21-Hydroxylase

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Steroid 21-monooxygenase
Identifiers
EC number 1.14.99.10
CAS number 9029-68-9
Databases
IntEnz IntEnz view
BRENDA BRENDA entry
ExPASy NiceZyme view
KEGG KEGG entry
MetaCyc metabolic pathway
PRIAM profile
PDB structures RCSB PDB PDBe PDBsum
Gene Ontology AmiGO / EGO
Cytochrome P450, family 21, subfamily A, polypeptide 2
Available structures
PDB Ortholog search: PDBe, RCSB
Identifiers
Symbols CYP21A2 ; CA21H; CAH1; CPS1; CYP21; CYP21B; P450c21B
External IDs OMIM613815 MGI88591 HomoloGene68063 ChEMBL: 2759 GeneCards: CYP21A2 Gene
EC number 1.14.99.10
RNA expression pattern
PBB GE CYP21A2 214622 at tn.png
More reference expression data
Orthologs
Species Human Mouse
Entrez 1589 13079
Ensembl ENSG00000198457 ENSMUSG00000024365
UniProt P08686 P03940
RefSeq (mRNA) NM_000500 NM_009995
RefSeq (protein) NP_000491 NP_034125
Location (UCSC) Chr 6:
32.01 – 32.01 Mb
Chr 17:
34.8 – 34.8 Mb
PubMed search [1] [2]

Steroid 21-hydroxylase is a cytochrome P450 enzyme that is involved with the biosynthesis of the steroid hormones aldosterone and cortisol.[1]

In humans, 21-Hydroxylase is encoded by the gene CYP21A2.[2]

Names and classification[edit]

21-Hydroxylase is also called steroid 21-monooxygenase, 21α-Hydroxylase, and, less commonly 21β-Hydroxylase.

Function[edit]

This gene encodes a member of the cytochrome P450 superfamily of enzymes. The cytochrome P450 proteins are monooxygenases which catalyze many reactions involved in drug metabolism and synthesis of cholesterol, steroids and other lipids. This protein localizes to the endoplasmic reticulum and hydroxylates steroids at the 21 position. Its activity is required for the synthesis of steroid hormones including cortisol and aldosterone.[3]

Reaction[edit]

21-Hydroxylase catalyses the hydroxylation of the carbon atom 21 in steroids (adding an "–OH"), which is necessary with the formation of these hormones.

Steroid numbering - #21 is near center top 

Pathway[edit]

Human steroidogenesis, showing both reactions of 21-Hydroxylase at center top.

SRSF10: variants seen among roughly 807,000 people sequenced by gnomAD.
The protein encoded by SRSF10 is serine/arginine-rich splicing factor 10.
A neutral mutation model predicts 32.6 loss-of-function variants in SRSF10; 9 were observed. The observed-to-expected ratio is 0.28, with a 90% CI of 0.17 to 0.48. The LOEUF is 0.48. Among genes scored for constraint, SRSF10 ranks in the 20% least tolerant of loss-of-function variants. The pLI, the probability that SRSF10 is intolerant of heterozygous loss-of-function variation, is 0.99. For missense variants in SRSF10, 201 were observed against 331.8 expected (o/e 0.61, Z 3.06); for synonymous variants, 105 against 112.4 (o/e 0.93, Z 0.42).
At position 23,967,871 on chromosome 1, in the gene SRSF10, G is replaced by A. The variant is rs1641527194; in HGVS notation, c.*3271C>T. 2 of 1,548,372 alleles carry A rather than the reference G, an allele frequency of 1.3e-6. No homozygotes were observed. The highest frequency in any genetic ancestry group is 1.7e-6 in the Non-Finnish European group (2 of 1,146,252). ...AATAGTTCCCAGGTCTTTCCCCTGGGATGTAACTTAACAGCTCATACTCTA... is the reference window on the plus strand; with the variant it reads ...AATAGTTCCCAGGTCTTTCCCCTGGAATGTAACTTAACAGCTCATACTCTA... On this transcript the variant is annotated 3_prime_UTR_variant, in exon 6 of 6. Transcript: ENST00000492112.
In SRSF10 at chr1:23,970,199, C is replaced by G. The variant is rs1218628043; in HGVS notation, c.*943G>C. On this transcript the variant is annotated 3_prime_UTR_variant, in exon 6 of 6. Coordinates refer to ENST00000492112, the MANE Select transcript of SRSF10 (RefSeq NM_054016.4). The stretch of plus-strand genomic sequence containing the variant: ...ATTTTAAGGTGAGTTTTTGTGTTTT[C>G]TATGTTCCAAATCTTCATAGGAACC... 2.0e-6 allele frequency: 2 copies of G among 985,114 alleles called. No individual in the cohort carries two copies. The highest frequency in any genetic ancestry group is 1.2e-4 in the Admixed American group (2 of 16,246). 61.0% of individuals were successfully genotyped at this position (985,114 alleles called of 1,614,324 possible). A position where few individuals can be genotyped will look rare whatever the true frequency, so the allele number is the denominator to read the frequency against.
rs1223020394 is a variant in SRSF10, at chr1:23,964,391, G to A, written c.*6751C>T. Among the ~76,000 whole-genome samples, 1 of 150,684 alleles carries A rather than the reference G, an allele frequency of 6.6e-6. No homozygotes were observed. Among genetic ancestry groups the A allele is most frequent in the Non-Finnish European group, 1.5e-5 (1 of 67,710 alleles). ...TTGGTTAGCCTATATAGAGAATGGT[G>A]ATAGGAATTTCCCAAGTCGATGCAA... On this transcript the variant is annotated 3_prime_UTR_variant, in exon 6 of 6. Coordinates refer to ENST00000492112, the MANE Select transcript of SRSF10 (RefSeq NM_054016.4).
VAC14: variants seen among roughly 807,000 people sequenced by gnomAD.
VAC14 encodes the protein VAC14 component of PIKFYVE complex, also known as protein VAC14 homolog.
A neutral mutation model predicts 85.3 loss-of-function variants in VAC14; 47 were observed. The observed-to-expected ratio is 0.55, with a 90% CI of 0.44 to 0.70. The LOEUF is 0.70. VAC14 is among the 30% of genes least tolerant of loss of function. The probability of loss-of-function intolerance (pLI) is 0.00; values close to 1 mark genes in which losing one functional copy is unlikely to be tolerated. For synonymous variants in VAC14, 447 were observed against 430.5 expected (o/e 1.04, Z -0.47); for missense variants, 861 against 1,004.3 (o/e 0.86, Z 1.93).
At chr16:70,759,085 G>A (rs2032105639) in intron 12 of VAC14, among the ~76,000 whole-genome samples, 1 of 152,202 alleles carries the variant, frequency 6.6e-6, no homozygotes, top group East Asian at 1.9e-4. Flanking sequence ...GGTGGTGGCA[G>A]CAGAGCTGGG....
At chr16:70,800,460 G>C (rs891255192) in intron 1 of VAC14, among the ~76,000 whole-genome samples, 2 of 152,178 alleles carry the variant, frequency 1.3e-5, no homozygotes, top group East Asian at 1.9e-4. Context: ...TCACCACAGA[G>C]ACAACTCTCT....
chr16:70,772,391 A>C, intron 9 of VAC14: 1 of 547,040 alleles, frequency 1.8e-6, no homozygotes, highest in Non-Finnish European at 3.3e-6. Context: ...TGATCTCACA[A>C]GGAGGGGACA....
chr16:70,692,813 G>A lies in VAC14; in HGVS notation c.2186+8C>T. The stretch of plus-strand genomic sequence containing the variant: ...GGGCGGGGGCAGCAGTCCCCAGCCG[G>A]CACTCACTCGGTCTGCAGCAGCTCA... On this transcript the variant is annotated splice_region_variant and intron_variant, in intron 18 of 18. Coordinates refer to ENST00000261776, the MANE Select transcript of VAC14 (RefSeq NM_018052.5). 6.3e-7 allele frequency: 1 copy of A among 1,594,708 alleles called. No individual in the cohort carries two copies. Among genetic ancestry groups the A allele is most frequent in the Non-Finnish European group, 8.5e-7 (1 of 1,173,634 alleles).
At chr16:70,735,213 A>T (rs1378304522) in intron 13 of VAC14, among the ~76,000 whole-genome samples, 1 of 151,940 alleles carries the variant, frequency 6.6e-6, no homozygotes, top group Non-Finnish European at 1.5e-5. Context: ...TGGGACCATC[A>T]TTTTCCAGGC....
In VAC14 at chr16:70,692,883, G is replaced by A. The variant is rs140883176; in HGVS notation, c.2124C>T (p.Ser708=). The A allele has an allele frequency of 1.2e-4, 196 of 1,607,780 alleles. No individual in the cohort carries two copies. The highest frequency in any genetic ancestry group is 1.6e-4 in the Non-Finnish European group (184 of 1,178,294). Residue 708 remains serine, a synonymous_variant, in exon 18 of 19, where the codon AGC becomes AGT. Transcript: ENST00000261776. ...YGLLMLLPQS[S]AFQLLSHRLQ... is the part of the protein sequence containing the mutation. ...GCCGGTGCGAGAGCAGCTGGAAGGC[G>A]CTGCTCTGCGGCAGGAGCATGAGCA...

Corticosteroid biosynthetic pathway in the rat.

Clinical significance[edit]

A defect within the CYP21A2 gene causes a disturbance of the development of the enzyme, which leads to congenital adrenal hyperplasia due to 21-hydroxylase deficiency. A related pseudogene is located near this gene; gene conversion events involving the functional gene and the pseudogene are thought account for many cases of steroid 21-hydroxylase deficiency.[3]

References[edit]

  1. ^ Ryan KJ, Engel LL (March 1957). "Hydroxylation of steroids at carbon 21". J. Biol. Chem. 225 (1): 103–14. PMID 13416221. 
  2. ^ Higashi Y, Yoshioka H, Yamane M, Gotoh O, Fujii-Kuriyama Y (May 1986). "Complete nucleotide sequence of two steroid 21-hydroxylase genes tandemly arranged in human chromosome: a pseudogene and a genuine gene". Proc. Natl. Acad. Sci. U.S.A. 83 (9): 2841–5. doi:10.1073/pnas.83.9.2841. PMC 323402. PMID 3486422. 
  3. ^ a b "Entrez Gene: CYP21A2 cytochrome P450, family 21, subfamily A, polypeptide 2". 

Further reading[edit]

  • White PC, Tusie-Luna MT, New MI, Speiser PW (1994). "Mutations in steroid 21-hydroxylase (CYP21).". Hum. Mutat. 3 (4): 373–8. doi:10.1002/humu.1380030408. PMID 8081391. 
  • Helmberg A (1993). "Twin genes and endocrine disease: CYP21 and CYP11B genes.". Acta Endocrinol. 129 (2): 97–108. PMID 8372604. 
  • de-Araujo M, Sanches MR, Suzuki LA, et al. (1996). "Molecular analysis of CYP21 and C4 genes in Brazilian families with the classical form of steroid 21-hydroxylase deficiency.". Braz. J. Med. Biol. Res. 29 (1): 1–13. PMID 8731325. 
  • Yu CY (1999). "Molecular genetics of the human MHC complement gene cluster.". Exp. Clin. Immunogenet. 15 (4): 213–30. doi:10.1159/000019075. PMID 10072631. 
  • Forest MG, Tardy V, Nicolino M, et al. (2005). "21-Hydroxylase deficiency: an exemplary model of the contribution of molecular biology in the understanding and management of the disease.". Ann. Endocrinol. (Paris) 66 (3): 225–32. PMID 15988383. 

External links[edit]

This article incorporates text from the United States National Library of Medicine, which is in the public domain.